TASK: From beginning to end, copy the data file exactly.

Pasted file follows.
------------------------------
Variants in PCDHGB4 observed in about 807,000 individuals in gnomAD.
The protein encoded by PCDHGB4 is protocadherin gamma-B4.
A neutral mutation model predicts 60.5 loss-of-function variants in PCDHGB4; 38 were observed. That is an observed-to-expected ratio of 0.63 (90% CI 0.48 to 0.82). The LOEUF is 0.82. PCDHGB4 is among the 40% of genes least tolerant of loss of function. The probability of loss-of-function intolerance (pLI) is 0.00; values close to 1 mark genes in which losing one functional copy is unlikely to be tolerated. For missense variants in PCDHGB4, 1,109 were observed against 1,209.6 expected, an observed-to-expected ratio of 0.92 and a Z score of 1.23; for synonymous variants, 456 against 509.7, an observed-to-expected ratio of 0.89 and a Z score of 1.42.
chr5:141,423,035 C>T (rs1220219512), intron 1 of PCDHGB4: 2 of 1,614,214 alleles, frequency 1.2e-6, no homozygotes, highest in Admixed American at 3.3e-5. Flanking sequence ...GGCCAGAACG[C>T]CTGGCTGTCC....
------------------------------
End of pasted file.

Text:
Variants in PCDHGB4 observed in about 807,000 individuals in gnomAD.
The protein encoded by PCDHGB4 is protocadherin gamma-B4.
A neutral mutation model predicts 60.5 loss-of-function variants in PCDHGB4; 38 were observed. That is an observed-to-expected ratio of 0.63 (90% CI 0.48 to 0.82). The LOEUF is 0.82. PCDHGB4 is among the 40% of genes least tolerant of loss of function. The probability of loss-of-function intolerance (pLI) is 0.00; values close to 1 mark genes in which losing one functional copy is unlikely to be tolerated. For missense variants in PCDHGB4, 1,109 were observed against 1,209.6 expected, an observed-to-expected ratio of 0.92 and a Z score of 1.23; for synonymous variants, 456 against 509.7, an observed-to-expected ratio of 0.89 and a Z score of 1.42.
chr5:141,423,035 C>T (rs1220219512), intron 1 of PCDHGB4: 2 of 1,614,214 alleles, frequency 1.2e-6, no homozygotes, highest in Admixed American at 3.3e-5. Flanking sequence ...GGCCAGAACG[C>T]CTGGCTGTCC....